Ash recently announced that their next album, Twilight Of The Innocents, would be their last.
Initial reports suggested the band were splitting up – following the departure of Charlotte Hatherley, they’d all be going their various ways. But Ash are instead restricting themselves to releasing singles in future.
musicOMH regrouped with songwriter and front man Tim Wheeler to recap on eventful times…
It’s easy take a band like Ash for granted. They appear every two or three years, knock out an album and some incredibly catchy singles, tour their arses off, and then go back into hiding and do the same all over again. Well, those days are nearly over.
New album Twilight Of The Innocents is to be their last. After that, all new Ash music will be released in the form of singles. A radical move, for sure. But a wise one?
Tim Wheeler certainly thinks so. “We just want to reflect the times,” he explains. “The way people listen to music doesn’t seem to be so album-based any more, it’s more about compiling playlists and downloading single tracks. I also like the idea of being more spontaneous, and being able to change the way people think with just one song. We can do that every two months, instead of making everyone wait three years.”
The record company dominated treadmill has obviously become a frustration for the guys, and Tim exudes boyish enthusiasm and excitement when musing on the possibilities of this new agenda. “With the internet, there’s just so many ways to do things. We can just do whatever we want to now – if we’ve got a great song we want to get out straight away, we’ll do that.”
It makes perfect sense, as Ash are possibly the greatest singles band of their generation, sometimes to the detriment of their albums. Is it going to be killer hit singles all the way then, or will we see a different side to the band? ” I think releasing stuff consistently will enable us to be a bit more experimental. We can try new things and if they don’t work, a few weeks later we can try something else. The old rules don’t matter anymore.”
There are hints of new musical directions on Twilight Of The Innocents. It’s a cracking return to the pop of 2001’s Free All Angels, but with plenty of new ideas thrown in. “We produced the records ourselves, which gave us more control over the sound,” says Tim. “We wanted to get the energy of our older stuff, but in a different way. We focused on developing the weirder songs, and tried to do something different on every track.”
A standout is the pure pop groove of End Of The World which Tim says he “never thought Ash could sound like”. After posting a stripped down version of it on the web, the positive feedback it received convinced him to develop it. “And now it’s our next single! It’s taught me to embrace new styles.”
The biggest surprise is saved till last though, with the title track that closes the album. It’s the kind of six and a half minute, string drenched, gargantuan epic that Muse would be proud of, full of audacious ambition. “It just started out with a few random loops, then I used a computer program to build them all together like Lego. It took about six months in total, and was a completely different way of writing for us. After we’d worked it out, we then had to learn how to play it, which is a first for us really. We never could have done that if we were working with another producer because there wouldn’t have been the time to sit down and mess around for so long!”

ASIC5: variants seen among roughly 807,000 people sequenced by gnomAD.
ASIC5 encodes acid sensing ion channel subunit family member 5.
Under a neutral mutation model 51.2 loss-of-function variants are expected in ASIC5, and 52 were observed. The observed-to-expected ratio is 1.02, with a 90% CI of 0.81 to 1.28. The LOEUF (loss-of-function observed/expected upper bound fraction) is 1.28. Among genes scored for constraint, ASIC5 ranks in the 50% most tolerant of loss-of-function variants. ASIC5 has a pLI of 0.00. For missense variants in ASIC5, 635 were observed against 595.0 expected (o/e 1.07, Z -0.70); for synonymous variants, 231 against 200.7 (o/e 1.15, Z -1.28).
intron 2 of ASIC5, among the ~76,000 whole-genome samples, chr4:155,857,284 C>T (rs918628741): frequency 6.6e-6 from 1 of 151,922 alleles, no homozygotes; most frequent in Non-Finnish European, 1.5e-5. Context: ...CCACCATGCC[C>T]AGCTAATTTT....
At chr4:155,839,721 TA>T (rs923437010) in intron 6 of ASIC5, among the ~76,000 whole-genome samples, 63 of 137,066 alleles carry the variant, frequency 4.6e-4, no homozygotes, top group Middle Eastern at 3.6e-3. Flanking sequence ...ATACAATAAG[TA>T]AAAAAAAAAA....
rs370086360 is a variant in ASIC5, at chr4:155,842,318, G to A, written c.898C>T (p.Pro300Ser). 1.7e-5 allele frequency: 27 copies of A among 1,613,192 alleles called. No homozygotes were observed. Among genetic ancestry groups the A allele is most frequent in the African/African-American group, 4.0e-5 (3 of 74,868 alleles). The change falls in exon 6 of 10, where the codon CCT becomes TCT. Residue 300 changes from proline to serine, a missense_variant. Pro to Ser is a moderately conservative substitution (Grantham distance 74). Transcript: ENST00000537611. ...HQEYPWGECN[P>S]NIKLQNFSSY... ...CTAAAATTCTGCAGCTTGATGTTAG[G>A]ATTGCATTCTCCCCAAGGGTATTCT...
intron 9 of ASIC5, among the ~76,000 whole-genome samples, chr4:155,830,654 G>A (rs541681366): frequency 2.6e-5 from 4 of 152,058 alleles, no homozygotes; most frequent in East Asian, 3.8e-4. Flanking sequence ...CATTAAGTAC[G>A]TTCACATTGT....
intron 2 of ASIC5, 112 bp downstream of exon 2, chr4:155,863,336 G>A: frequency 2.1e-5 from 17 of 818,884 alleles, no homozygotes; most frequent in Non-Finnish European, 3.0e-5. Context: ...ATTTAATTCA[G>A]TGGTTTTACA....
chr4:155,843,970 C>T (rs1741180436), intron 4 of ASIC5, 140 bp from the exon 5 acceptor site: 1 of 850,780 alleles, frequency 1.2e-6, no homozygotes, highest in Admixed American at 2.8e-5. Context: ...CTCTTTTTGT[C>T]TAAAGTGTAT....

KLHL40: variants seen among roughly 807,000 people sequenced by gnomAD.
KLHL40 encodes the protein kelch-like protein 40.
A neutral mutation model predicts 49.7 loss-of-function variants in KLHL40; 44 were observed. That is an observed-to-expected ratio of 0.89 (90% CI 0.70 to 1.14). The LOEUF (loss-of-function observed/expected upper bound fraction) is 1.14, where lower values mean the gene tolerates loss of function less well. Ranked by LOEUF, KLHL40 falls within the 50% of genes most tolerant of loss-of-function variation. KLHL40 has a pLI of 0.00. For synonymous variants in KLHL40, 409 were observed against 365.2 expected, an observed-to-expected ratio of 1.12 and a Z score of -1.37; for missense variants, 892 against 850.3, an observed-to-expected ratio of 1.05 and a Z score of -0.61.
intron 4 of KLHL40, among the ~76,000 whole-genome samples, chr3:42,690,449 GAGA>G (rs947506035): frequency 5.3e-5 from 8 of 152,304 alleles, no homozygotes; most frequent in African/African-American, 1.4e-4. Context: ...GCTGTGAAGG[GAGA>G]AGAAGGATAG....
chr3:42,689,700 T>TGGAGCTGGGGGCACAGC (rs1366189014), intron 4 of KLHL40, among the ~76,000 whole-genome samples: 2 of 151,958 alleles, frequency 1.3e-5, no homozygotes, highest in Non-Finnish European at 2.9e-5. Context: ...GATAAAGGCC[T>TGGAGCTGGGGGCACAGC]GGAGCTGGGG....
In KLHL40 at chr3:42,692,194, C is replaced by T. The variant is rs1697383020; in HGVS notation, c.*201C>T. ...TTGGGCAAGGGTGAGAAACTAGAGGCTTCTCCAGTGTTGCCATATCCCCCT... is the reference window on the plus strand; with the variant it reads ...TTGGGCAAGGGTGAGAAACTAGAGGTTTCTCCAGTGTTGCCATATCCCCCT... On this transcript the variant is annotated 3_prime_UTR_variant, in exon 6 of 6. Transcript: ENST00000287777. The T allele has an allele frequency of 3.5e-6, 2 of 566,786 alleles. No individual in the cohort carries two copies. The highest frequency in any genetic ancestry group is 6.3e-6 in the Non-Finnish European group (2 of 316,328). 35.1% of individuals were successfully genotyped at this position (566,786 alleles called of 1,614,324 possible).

You may have noticed that four have now become three again after nine years, with Charlotte Hatherley leaving to pursue her solo career. “I do miss her,” he confesses, “but it’s been working out great for us as a three-piece.” The difficulties caused by her departure, it seems, are outweighed by the burst of creative energy it’s given them. “By writing songs with just one guitar part, we had loads of room for other stuff like strings and synths, which has added a new dimension to the sound.”
No hard feelings then? “No. We haven’t spoken since she left, but we’re both busy and I’m sure we’ll meet up sometime in the future. I saw some film recently of us all laughing with her in the dressing room a few years ago, and it reminded me how I miss her company. She was great fun.”
It’s hardly an ideal situation when a guitarist with one band B-side to her name makes a successful extra-curricular solo album, and it inevitably caused friction. “It was a bit undermining. We were about to go into a really important record for us, and it seemed like the right time to make the break. The longer you’re around as a band, the more you need to prove yourself, and it takes commitment.”
A statement of intent, for sure, and proof that there’s plenty of life in the old dog yet. “It’s strange, ‘cos we’ve been around for years but we’re only just thirty. We’re kind of caught between being young and being veterans.” Lest we forget, Alex Kapranos was well into his 30s by the time he made Franz Ferdinand‘s debut… “And The Feeling don’t look like spring chickens either!” Ouch! “Age doesn’t matter at all. I can’t see myself ever stopping writing songs, and while we’ve still got this energy I can’t see us finishing any time soon. We’re freaks of nature!”
The heady summer of Britpop, when Tim opened his A-Level results live on Radio One, may seem like a lifetime ago. But Ash can still show young oiks like The View and the Arctic Monkeys a thing or two. “We’re just gonna fucking go for it. It’s an exciting time for us.” Maybe 30’s the new 20…